Boston Marathon Explosions

Ken AshfordBreaking News, War on Terrorism/TortureLeave a Comment


It's hard to know what to say about what happened yesterday.  Obviously a terrorist attack.  Is it domestic or foreign?  You automatically assume foreign, but given the event (Patriot's Day, Tax Day), you just can't be sure.

3 dead, including an 8 year old boy, pictured below. 144 injured (although that latter number still varies).  Many amputees.


Typically, major praise on the people there who responded immediately, and it was very fortunate that many medical personnel were there anyway to help with exhausted marathon runners.  

Also typically, our politicians seem to be bumfuzzled.  Rep. Michael McCaul (R-Texas), who recently took over as the chairman of the House Homeland Security Committee, told a national television audience yesterday that a "person of interest" in the Boston Marathon bombings "is in custody." That was incorrect, and law enforcement officials went out of their way last night to explain there is no one in custody.

Shortly before his appearance, McCaul held a brief press conference on Capitol Hill, telling reporters, "We've been quite fortunate that this type of attack has not happened before in the U.S." This, too, is incorrect.  We've seen many bombings on U.S. soil over the last 20 years, including the 1993 attack on the World Trade Center, the Unabomber in 1994, the Oklahoma City bombing in 1995, the pipe bombs at the Olympics in Atlanta in 1996, the bomb at an Alabama abortion clinic in 1998, the arson attack at a Syracuse temple in 2000, the 18 pipe bombs planted in mailboxes in five states in 2002, the 2008 bomb planted in front of a military recruiting center in Times Square, the bomb at a San Diego courthouse also in 2008, the fire bombs targeting researchers in 2008 at UC Santa Cruz, and in 2011, there was an attempted bombing of an MLK parade in Spokane.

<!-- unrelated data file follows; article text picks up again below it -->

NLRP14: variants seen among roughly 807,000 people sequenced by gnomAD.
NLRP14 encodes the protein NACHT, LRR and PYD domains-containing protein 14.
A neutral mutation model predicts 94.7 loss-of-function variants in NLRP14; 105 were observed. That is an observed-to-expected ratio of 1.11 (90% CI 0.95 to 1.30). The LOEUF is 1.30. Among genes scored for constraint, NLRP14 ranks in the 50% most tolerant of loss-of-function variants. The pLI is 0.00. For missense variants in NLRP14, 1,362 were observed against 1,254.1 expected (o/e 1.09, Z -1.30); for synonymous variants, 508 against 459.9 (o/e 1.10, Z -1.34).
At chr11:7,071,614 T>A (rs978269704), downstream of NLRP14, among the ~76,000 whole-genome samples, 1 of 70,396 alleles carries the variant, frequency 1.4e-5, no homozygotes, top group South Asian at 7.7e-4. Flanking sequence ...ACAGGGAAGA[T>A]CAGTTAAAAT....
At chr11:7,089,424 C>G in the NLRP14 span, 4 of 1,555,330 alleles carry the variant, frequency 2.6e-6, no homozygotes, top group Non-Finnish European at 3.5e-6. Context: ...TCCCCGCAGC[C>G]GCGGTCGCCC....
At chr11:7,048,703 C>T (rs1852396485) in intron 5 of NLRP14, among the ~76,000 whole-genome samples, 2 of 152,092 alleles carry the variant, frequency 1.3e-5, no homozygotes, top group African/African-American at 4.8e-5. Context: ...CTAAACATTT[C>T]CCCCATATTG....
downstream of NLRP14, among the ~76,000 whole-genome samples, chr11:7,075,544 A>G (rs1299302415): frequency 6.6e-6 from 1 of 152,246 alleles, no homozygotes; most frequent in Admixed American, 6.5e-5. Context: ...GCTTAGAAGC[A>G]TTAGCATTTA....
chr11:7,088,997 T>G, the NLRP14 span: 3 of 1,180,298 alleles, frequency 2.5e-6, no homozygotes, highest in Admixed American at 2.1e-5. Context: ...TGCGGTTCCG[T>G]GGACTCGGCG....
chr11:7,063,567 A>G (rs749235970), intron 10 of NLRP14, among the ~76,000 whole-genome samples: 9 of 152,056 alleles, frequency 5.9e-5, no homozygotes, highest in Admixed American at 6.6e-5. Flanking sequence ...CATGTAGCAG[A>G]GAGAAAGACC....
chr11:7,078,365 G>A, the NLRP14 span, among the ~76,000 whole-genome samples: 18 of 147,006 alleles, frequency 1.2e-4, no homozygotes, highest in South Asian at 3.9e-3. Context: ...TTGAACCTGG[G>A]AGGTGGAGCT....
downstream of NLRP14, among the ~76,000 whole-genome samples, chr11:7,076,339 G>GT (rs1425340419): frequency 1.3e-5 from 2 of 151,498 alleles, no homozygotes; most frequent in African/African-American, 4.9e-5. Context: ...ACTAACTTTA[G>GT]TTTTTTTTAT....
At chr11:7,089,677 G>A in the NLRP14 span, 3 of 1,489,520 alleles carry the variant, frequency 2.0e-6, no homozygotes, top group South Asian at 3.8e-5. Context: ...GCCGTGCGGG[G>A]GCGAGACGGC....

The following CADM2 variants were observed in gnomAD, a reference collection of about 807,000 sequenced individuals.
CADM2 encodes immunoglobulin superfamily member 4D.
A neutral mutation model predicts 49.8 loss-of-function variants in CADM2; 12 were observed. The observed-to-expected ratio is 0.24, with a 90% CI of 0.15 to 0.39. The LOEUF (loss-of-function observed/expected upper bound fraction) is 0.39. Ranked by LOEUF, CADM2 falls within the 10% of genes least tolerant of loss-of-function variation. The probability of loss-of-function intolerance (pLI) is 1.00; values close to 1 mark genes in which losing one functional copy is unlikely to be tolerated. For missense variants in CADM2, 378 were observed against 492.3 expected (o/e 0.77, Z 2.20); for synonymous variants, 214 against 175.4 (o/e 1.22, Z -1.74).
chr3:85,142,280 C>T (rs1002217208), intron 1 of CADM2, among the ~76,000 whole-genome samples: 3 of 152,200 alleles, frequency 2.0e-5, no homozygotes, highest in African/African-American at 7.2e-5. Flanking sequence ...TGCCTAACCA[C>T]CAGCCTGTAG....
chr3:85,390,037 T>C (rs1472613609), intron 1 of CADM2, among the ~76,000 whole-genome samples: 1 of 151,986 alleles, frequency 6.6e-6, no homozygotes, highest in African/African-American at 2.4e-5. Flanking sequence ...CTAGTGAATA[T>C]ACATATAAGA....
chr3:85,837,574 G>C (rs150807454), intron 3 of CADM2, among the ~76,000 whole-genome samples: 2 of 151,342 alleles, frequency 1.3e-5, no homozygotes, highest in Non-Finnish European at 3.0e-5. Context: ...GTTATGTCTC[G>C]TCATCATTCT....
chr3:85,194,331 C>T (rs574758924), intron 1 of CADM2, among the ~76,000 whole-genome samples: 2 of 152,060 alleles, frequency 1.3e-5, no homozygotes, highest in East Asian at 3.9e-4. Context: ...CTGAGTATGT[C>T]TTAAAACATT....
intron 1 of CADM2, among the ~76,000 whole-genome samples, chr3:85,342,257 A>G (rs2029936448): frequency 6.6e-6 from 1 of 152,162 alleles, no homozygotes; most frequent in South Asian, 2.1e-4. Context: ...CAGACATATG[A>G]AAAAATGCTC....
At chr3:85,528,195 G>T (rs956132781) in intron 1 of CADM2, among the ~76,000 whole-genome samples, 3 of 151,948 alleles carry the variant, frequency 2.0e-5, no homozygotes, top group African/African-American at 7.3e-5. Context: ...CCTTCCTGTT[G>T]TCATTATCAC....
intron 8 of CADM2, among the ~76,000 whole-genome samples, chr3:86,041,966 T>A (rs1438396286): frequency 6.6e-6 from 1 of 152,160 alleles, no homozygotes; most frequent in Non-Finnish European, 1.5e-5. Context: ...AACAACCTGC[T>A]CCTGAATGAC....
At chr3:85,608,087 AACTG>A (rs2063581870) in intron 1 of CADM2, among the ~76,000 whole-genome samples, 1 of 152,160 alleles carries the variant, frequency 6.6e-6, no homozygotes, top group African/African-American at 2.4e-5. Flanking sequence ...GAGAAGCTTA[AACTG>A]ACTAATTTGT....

And that's just the last 20 years. If we go back further, let's not forget the series of anarchist bombings in 1919 and 1920, including the wagon bomb that killed 38 people on Wall Street, which were terribly deadly.

The tragic truth is this type of attack has happened before in the U.S., and it's not helpful for the chairman of the House Homeland Security Committee to argue otherwise.

I think Patton Oswald summed the tone for me:


A quick update on yesterday's bombings at the Boston Marathon: